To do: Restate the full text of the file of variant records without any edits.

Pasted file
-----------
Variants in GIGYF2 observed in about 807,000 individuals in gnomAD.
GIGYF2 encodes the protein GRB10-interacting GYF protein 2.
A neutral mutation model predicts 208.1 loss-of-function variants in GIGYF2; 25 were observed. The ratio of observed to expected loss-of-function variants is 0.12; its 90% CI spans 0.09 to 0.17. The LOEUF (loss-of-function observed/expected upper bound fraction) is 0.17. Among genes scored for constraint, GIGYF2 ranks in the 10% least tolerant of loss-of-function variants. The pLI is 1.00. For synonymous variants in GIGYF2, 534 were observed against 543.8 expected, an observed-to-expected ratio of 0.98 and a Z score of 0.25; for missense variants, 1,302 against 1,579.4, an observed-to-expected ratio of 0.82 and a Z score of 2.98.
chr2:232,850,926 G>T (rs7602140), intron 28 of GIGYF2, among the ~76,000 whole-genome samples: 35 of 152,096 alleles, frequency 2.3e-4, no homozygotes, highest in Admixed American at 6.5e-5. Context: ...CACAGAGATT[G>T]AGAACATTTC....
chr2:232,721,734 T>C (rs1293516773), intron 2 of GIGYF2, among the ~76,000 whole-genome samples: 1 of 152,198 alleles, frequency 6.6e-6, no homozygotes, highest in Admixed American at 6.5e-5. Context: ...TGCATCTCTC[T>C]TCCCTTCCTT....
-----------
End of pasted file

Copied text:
Variants in GIGYF2 observed in about 807,000 individuals in gnomAD.
GIGYF2 encodes the protein GRB10-interacting GYF protein 2.
A neutral mutation model predicts 208.1 loss-of-function variants in GIGYF2; 25 were observed. The ratio of observed to expected loss-of-function variants is 0.12; its 90% CI spans 0.09 to 0.17. The LOEUF (loss-of-function observed/expected upper bound fraction) is 0.17. Among genes scored for constraint, GIGYF2 ranks in the 10% least tolerant of loss-of-function variants. The pLI is 1.00. For synonymous variants in GIGYF2, 534 were observed against 543.8 expected, an observed-to-expected ratio of 0.98 and a Z score of 0.25; for missense variants, 1,302 against 1,579.4, an observed-to-expected ratio of 0.82 and a Z score of 2.98.
chr2:232,850,926 G>T (rs7602140), intron 28 of GIGYF2, among the ~76,000 whole-genome samples: 35 of 152,096 alleles, frequency 2.3e-4, no homozygotes, highest in Admixed American at 6.5e-5. Context: ...CACAGAGATT[G>T]AGAACATTTC....
chr2:232,721,734 T>C (rs1293516773), intron 2 of GIGYF2, among the ~76,000 whole-genome samples: 1 of 152,198 alleles, frequency 6.6e-6, no homozygotes, highest in Admixed American at 6.5e-5. Context: ...TGCATCTCTC[T>C]TCCCTTCCTT....